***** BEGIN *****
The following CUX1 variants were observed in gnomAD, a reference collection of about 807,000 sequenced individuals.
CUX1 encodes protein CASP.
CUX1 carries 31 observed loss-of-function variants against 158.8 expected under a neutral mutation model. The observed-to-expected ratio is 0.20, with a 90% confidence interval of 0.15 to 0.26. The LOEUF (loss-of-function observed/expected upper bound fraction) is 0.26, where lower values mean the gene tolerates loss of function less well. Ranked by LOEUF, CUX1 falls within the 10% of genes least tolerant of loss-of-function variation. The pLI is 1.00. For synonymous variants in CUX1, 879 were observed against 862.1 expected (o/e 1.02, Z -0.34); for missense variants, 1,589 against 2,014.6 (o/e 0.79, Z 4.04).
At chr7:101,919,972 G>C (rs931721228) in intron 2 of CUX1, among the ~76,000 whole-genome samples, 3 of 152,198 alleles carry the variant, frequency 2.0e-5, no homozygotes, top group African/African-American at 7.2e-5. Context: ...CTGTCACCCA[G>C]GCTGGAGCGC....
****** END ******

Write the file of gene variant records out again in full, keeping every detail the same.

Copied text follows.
The following CUX1 variants were observed in gnomAD, a reference collection of about 807,000 sequenced individuals.
CUX1 encodes protein CASP.
CUX1 carries 31 observed loss-of-function variants against 158.8 expected under a neutral mutation model. The observed-to-expected ratio is 0.20, with a 90% confidence interval of 0.15 to 0.26. The LOEUF (loss-of-function observed/expected upper bound fraction) is 0.26, where lower values mean the gene tolerates loss of function less well. Ranked by LOEUF, CUX1 falls within the 10% of genes least tolerant of loss-of-function variation. The pLI is 1.00. For synonymous variants in CUX1, 879 were observed against 862.1 expected (o/e 1.02, Z -0.34); for missense variants, 1,589 against 2,014.6 (o/e 0.79, Z 4.04).
At chr7:101,919,972 G>C (rs931721228) in intron 2 of CUX1, among the ~76,000 whole-genome samples, 3 of 152,198 alleles carry the variant, frequency 2.0e-5, no homozygotes, top group African/African-American at 7.2e-5. Context: ...CTGTCACCCA[G>C]GCTGGAGCGC....